DHS wants to passively scan faces of foreign nationals crossing U.S. border by car
The Homeland Security Department is seeking technology that can passively scan the faces of foreign nationals crossing the U.S. border by land, verifying that the individuals entering the country are, in fact, the same ones leaving it, according to a report by Nextgov.
On November 14, DHS’ Silicon Valley outpost is hosting an industry day to solicit solutions that would allow Customs and Border Protection scan individual’s faces.
The face recognition technology would work even if the vehicle’s occupants are wearing any accessories that are partially blocking their face (sunglasses, hats) or are looking away from the camera, and would not require them to slow down or exit the vehicle.
DHS has already encountered several issues with its biometric exit program. The Government Accountability Office found that the agency’s overstay reports, which records who has overstayed their visa, are often incomplete, potentially causing “significant homeland security risks.”
The DHS’ Science and Technology Directorate (S&T) is using Other Transaction Solicitations, a category of contracts designed to be awarded within weeks of the solicitation. These are often designed for smaller contracts valued at a few hundred thousand dollars.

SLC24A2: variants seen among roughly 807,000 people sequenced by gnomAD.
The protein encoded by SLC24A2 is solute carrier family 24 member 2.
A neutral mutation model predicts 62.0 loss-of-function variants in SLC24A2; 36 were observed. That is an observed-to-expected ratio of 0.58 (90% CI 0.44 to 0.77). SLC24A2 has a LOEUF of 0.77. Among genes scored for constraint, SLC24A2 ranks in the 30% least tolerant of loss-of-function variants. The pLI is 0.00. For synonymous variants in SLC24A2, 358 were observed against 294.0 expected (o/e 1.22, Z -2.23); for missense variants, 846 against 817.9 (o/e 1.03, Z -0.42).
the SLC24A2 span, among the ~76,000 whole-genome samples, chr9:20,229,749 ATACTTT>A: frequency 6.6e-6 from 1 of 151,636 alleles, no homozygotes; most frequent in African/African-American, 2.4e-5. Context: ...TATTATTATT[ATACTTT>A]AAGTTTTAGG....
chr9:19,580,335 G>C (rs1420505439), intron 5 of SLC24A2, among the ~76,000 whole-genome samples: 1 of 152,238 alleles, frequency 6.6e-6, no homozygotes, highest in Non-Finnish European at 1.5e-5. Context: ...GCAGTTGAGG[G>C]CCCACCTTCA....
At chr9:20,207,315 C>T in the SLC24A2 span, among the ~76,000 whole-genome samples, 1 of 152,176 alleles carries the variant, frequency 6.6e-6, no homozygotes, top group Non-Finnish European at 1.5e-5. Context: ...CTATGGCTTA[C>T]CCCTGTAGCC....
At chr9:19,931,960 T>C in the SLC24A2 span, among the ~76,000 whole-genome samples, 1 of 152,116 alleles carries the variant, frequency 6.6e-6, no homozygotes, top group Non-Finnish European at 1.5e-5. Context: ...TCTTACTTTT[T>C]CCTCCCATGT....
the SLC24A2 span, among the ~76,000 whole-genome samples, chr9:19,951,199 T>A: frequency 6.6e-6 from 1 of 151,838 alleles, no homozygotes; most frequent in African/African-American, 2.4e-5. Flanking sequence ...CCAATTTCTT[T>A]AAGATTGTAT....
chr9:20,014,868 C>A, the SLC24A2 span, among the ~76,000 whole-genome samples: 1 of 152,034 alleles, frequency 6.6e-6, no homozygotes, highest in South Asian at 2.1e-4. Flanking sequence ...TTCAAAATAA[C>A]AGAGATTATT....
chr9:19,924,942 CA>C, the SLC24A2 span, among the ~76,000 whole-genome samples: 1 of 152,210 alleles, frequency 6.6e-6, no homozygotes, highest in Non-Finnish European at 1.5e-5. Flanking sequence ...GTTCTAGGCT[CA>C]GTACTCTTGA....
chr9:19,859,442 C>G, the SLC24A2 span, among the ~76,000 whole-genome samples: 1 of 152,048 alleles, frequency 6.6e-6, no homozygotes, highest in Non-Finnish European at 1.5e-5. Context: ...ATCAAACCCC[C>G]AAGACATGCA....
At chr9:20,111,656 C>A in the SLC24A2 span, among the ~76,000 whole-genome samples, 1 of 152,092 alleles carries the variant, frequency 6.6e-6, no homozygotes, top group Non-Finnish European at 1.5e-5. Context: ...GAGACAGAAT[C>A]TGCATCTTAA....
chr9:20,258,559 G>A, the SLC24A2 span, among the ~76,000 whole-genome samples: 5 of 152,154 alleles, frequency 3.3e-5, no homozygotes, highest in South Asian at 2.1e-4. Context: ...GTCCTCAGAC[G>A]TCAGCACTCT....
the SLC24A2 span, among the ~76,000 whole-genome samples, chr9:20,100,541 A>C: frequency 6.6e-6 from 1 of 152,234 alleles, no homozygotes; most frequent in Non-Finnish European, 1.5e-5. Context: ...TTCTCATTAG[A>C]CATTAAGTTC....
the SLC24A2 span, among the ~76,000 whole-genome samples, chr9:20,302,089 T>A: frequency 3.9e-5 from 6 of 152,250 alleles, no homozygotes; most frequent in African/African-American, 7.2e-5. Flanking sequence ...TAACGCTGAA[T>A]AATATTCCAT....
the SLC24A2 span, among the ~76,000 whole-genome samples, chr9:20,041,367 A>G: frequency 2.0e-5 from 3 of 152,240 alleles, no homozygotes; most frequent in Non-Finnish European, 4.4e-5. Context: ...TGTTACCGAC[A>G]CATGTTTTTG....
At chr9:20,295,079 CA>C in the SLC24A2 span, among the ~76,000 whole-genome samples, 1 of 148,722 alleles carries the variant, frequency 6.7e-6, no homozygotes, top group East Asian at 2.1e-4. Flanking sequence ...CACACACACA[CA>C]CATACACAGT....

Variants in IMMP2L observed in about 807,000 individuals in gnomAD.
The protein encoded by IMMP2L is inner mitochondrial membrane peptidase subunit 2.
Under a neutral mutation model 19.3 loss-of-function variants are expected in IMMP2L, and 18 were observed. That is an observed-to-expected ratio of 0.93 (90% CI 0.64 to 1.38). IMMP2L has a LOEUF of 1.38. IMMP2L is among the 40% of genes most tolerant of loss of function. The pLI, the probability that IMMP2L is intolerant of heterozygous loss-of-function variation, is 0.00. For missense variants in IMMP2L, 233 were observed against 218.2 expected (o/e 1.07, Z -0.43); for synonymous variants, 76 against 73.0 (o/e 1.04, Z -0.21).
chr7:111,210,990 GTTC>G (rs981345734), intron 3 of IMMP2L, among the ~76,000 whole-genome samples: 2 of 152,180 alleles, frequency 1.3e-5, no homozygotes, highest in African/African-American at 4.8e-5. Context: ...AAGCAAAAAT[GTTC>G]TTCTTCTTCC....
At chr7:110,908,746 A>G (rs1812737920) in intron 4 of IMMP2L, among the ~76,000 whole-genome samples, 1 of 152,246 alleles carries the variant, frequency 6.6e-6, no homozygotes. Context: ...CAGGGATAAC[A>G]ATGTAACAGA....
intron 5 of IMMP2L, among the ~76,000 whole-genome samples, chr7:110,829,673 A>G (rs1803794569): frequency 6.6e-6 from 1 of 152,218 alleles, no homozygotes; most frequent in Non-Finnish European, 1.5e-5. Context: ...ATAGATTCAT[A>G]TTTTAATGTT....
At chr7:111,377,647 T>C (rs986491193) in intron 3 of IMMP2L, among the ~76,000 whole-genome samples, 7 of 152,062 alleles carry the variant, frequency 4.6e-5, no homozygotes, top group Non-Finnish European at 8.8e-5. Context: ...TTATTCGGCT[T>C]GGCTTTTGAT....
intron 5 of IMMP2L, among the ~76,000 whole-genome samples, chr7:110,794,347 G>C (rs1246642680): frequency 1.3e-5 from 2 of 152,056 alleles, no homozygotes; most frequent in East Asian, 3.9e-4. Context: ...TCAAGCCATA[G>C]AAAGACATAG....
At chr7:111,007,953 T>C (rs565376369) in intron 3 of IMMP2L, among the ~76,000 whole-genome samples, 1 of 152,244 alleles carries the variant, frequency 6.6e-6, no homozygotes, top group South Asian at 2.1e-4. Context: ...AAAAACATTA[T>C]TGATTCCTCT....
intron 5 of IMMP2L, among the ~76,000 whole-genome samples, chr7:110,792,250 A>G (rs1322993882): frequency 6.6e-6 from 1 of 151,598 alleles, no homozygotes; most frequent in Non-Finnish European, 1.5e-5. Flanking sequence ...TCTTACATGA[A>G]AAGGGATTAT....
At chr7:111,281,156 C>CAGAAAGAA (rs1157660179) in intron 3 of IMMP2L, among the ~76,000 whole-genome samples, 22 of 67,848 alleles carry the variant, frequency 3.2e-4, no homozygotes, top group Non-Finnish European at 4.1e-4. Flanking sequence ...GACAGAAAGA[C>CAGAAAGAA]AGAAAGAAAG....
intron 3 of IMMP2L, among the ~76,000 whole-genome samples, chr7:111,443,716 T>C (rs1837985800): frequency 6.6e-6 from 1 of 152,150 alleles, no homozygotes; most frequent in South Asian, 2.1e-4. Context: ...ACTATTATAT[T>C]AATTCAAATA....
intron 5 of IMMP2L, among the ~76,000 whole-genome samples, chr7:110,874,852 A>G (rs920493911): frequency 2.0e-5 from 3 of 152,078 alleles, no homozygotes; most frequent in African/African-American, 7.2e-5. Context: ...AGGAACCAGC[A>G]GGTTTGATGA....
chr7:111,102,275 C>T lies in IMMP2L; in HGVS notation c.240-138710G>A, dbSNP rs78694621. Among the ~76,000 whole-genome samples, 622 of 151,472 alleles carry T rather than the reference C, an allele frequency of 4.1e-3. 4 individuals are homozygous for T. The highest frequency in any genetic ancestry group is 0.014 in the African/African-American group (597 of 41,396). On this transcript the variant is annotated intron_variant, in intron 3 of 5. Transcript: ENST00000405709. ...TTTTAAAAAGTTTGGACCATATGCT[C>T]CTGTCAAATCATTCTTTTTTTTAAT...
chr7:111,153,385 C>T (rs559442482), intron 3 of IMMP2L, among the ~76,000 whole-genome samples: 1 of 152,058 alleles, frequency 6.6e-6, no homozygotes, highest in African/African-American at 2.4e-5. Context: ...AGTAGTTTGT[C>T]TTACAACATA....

The solicitation seeks technology that can improve the infrastructure at land-based ports of entry, though DHS has many other programs aimed at improving biometric exit-tracking at air and seaports.
In addition, the solicitation states that the land-based border checkpoints often experience snow or intense heat, which creates other infrastructural challenges.
The department also wants a solution that would anonymize the data if it accidentally scans the face of a citizen exiting the country, as the biometric exit-tracking is designed solely to track the movement of foreign nationals.
The S&T expects creating awards for $50,000 to $200,000 for up to four phases, ranging from proof of concept, prototype, a complex test and a full-fledged pilot.